Or at least, the ‘biggest bang for your buck’ theory. It’s pretty much a staple in mainstream American culture, the idea that it’s better to get more for less. Not exactly a common sense logic there, but you get the idea. Regardless of any logical fallacies inherent in the phrase, it’s as much a part of the economic culture as fast food. In this age of layoffs, furloughs, and general uncertainty, everyone wants to get the most bang for their buck, especially when it comes to education. Here are a few ideas on how to spend the minimum on college while still receiving a high-quality education.
First, hold yourself accountable. It doesn’t matter where you go to school, if you don’t do the homework and study, you won’t be getting what you are paying for. Nobody-not your teachers, not your parents, not the dean of students-is more responsible for your success or failure more than you are. I suggest doing the math and figuring out how much each classroom hour costs; that alone was motivation enough for me to not skip classes when I was in college (each classroom hour was approximately $167 by my reckoning). Maximize your tuition dollars by taking yourself and your education seriously.
Second, look at your choice of schools. You’ll pay about three to four times as much if you go to an out-of-state public institution than you would if you were a resident, so check out Utah’s colleges and universities for programs and majors that interest you. Also keep in mind that community colleges are excellent places to start off your education, particularly if you plan on transferring from a local community college to one of the state colleges. Most transfer programs are very smooth.
Third, be prepared to sacrifice. This could be applicable in many realms of the college experience. I am well aware that sacrifice isn’t a particularly enjoyable or popular lifestyle option, but as someone who ate her share of Ramen noodles during college, I can tell you that the payoff afterwards is worth it. I have not had to eat Ramen noodles out of economic necessity in the 3+ years since I graduated. This comes into play when talking about Cost of Attendance, which factors in things like room and board. If you can save yourself money on the room and board by giving up non-necessities, you’ll ultimately be reducing your overall price tag for college.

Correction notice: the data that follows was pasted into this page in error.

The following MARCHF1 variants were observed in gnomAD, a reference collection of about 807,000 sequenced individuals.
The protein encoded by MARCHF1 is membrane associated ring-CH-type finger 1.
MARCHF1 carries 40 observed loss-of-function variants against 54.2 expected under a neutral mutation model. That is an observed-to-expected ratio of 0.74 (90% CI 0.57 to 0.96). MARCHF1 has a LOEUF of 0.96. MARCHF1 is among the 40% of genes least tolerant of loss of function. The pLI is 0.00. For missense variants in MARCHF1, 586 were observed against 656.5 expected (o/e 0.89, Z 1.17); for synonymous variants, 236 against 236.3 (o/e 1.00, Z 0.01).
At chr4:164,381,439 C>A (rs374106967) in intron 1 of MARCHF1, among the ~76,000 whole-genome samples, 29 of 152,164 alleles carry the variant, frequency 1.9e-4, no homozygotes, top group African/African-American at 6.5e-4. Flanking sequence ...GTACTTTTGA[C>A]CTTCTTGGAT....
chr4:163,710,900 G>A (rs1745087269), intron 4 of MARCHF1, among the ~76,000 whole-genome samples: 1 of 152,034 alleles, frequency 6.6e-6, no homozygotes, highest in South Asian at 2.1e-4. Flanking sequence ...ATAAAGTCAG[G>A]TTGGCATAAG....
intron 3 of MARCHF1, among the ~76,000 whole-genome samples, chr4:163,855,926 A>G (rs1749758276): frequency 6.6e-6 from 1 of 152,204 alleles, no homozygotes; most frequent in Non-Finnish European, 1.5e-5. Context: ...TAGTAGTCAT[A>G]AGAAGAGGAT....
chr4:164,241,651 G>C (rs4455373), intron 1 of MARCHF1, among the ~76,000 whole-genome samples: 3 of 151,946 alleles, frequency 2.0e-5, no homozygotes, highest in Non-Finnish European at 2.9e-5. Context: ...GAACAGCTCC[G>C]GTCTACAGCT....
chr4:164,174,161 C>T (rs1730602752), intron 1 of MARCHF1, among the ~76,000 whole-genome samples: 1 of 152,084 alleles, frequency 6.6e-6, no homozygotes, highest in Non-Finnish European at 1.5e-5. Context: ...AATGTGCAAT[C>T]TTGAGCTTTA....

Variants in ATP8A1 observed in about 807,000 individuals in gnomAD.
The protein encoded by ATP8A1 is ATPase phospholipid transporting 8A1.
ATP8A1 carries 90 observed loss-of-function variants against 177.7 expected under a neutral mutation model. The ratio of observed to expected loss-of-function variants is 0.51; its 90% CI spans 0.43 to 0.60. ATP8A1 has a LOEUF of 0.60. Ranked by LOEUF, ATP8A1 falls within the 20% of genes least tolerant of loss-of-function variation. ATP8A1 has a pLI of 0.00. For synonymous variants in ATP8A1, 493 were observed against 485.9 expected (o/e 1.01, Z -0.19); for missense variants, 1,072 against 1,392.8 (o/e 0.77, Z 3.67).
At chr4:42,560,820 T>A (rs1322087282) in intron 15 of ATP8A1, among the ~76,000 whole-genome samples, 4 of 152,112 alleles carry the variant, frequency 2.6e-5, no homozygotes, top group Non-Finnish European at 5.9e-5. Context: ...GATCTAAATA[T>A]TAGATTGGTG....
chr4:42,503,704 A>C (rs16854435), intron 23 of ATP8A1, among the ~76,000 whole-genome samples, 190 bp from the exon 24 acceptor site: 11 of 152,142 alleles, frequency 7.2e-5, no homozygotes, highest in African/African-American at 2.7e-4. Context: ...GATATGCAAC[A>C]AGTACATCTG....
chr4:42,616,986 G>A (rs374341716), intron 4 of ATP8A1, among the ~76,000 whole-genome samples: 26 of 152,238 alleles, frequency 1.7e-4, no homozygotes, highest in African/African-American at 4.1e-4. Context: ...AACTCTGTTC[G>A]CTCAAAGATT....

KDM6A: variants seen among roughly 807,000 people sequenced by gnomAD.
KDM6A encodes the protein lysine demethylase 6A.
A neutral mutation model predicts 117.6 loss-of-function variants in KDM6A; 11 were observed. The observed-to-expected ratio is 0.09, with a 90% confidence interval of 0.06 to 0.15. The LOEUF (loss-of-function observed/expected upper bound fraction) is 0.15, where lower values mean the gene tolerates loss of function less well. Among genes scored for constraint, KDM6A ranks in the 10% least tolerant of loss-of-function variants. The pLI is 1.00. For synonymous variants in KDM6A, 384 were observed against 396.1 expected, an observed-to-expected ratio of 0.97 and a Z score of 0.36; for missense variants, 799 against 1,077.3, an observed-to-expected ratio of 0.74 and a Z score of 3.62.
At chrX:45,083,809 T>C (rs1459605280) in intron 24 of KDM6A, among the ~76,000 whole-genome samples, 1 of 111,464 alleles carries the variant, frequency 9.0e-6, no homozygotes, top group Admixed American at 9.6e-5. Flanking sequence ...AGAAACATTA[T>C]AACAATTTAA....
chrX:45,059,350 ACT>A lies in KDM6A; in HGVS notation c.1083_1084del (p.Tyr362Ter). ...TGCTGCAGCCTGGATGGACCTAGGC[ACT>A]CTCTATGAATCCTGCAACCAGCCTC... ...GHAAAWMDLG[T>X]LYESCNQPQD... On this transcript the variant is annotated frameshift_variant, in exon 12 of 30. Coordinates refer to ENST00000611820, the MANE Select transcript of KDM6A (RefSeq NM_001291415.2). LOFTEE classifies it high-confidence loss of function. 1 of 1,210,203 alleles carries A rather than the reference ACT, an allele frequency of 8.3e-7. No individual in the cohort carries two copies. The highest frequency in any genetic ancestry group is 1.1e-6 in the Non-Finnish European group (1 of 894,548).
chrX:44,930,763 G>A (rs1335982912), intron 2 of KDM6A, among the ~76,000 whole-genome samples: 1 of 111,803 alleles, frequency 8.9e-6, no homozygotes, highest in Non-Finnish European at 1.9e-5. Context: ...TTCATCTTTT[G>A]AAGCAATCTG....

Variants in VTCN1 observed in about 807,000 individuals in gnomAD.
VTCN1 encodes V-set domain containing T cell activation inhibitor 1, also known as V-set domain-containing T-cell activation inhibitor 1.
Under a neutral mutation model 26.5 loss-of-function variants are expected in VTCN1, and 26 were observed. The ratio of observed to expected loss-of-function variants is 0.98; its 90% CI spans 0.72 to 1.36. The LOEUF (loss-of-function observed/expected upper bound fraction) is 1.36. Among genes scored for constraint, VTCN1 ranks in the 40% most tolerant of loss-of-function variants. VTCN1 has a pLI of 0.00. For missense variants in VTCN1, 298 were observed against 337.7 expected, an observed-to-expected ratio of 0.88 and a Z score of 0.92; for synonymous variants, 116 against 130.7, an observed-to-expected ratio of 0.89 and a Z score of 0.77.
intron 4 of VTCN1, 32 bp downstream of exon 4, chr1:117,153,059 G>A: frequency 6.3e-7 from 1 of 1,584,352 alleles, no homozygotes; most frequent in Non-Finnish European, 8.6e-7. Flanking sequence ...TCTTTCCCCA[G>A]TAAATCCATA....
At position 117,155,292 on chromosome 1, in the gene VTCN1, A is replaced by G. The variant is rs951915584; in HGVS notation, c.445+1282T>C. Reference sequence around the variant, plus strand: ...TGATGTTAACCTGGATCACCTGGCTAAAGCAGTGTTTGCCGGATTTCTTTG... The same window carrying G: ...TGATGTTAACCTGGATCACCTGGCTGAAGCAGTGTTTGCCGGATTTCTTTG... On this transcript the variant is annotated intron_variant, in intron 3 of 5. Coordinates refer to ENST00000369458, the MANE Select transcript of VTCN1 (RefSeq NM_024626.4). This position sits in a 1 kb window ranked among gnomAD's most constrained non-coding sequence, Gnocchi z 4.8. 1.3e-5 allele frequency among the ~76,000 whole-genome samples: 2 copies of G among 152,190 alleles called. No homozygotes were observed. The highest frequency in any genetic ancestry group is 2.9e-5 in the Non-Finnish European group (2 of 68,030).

Fourth, have a plan. Students who go into college with a definite plan typically graduate more quickly than students who enter higher education without a specific direction. This means that if you have a plan, you’ll most likely save yourself tuition for extra classes or semesters by not switching majors or tracks.
Fifth, challenge yourself BEFORE college. Students who complete a rigorous course of study such as the Utah Scholars program during high school are much more likely to graduate with a four-year college degree than their counterparts. Taking challenging classes in high school better prepares students for the stresses and difficulty level of college work. And realistically, you can only capitalize on your education if you have a credential to show for it, so graduation really is a lynchpin here.
And finally, do the legwork. If you take the time to look for scholarships (try the search on UtahFutures) and apply for grants (start by filling out the FAFSA), you may be able to get some of the price of college paid for you. Keep in mind that many renewable scholarships (the ones that you can use for longer than just one year) are contingent upon having a high GPA and meeting standards such as Satisfactory Academic Progress (SAP).
Be creative! You can find other ways of saving on college. For instance, if you start a savings account while you are young and it accrues interest, that interest is helping you save on your investment. Good luck!